In 2022, Ayanna continued her composition work with several commissions for ensembles and orchestras, including a Royal Philharmonic Society Commission for the Philharmonia Ensemble (‘Equinox’). Her talent saw her compose for the sold out, hit theatre production, ‘The Collaboration’, at London’s Young Vic Theatre, and composed additional music for the renowned documentary ‘Hostile’.


With two headlined shows at London’s Purcell Rooms, and a headlined show at Wigmore Hall featuring guest artists, Ayanna’s continues to inspire with her composition ‘FAIYA!’ performed by the LSO in Trafalgar Square (conducted by Sir Simon Rattle), and collaborating on a number of live performances with ‘Solem Quartet’ of her composition ‘Island Suite’, which was originally commissioned by them as part of their ‘Beethoven Bartok Now Part IV’ series.


Venturing into new territories, Ayanna was cast in a cameo role in the new Amazon Prime series adaptation of Neil Gaiman’s ‘Anansi Boys’, alongside greats such as Whoopi Goldberg, which airs in 2024. She is currently on tour (EU/UK/USA/Canada) with Peter Gabriel as a member of his band (voice, cello, piano) for his upcoming album i/o.


Ayanna is a performer of extraordinary versatility, due to her musical prowess, mesmerising vocals, non-compromising lyrics, and ability to deftly reinterpret songs on the cello. Her must-see live shows are intimate journeys that chronicle her experience as a female artist in the 21st century.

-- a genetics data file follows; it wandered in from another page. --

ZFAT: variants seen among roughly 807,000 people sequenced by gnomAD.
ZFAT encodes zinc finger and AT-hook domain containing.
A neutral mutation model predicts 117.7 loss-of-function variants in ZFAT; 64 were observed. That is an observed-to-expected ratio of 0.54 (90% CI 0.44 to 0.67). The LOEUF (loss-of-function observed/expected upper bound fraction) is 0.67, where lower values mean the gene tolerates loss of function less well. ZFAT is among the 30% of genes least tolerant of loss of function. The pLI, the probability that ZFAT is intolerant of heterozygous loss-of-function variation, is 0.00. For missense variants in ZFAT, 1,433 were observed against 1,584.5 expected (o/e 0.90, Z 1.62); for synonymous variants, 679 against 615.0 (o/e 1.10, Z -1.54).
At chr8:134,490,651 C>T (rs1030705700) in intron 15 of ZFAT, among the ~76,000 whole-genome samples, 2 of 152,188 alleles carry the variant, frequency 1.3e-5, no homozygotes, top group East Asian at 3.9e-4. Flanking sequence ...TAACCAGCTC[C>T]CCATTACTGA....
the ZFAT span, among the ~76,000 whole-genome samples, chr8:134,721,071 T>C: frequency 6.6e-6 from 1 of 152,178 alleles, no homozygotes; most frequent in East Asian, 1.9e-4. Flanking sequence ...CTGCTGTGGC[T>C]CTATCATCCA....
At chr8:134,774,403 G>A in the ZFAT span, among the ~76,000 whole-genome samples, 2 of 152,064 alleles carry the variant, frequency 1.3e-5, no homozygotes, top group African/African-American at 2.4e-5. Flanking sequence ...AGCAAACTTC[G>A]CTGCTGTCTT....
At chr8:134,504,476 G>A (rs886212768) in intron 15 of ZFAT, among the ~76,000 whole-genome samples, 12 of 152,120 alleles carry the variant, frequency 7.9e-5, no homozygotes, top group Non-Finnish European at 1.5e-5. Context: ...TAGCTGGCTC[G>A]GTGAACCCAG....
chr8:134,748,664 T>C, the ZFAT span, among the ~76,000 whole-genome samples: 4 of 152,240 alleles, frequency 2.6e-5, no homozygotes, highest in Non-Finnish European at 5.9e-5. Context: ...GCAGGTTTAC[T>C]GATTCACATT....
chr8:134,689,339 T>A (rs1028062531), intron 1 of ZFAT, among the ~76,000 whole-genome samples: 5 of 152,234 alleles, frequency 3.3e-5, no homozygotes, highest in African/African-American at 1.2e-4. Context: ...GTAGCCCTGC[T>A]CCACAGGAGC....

Ayanna Witter-Johnson is the very definition of eclectic soul.




Draw the line (2020)


Commissioned by the Michael Cuddigan Trust for soprano Heloise Werner and double bassist Marianne Schofield of The Hermes Experiment. Draw the Line is a duo for soprano and double bass. A song anchored by a driving, organically built bass part that reflects and explores the depth of sadness and frustration that arose between two friends, from different backgrounds, unified by the series of lockdowns in London 2020, yet divided as a result of the rise of the Black Lives Matter movement. The vocal part, a lament with powerful lyrics that seek to explain the source of those feelings of frustration now brought to the surface. The raw energy of the uncompromising double bass part explodes in a demonstration of the pain of the conflict. ‘It’s your word against mine, every single time, every single time, we’ve got to draw the line’. The intensity of the story leads to a moment of release reflected in the middle section which features the passages of bass played harmonics. This release is, however, short lived. An understanding is never quite reached. “Losing a legacy based on abuse, choosing ignorance is no excuse” are lyrics that portray a tough reality that is hard to swallow. The main theme attempts to return with an explanation but ultimately, we have to just ‘Draw the Line’.


© Faber Music

HOLST Imogen, Cinquepace & Gigue from Suite for Unaccompanied Viola

Imogen Holst, the daughter of Gustav Holst, wrote this suite for viola in 1930, though the exact date is unknown. It was first performed on 14th December 1931 at the Ballet Club Theatre, 2a Ladbroke Road, London W11, by Violet Brough who was the viola player with the Macnaghten String Quartet. In this concert the Quartet and others performed Elizabeth Maconchy’s Quintet for Strings, a Haydn String Quartet, songs by Patrick Hadley and Philip Rosseter and also gave the first performance of a string quartet by Betty Lutyens.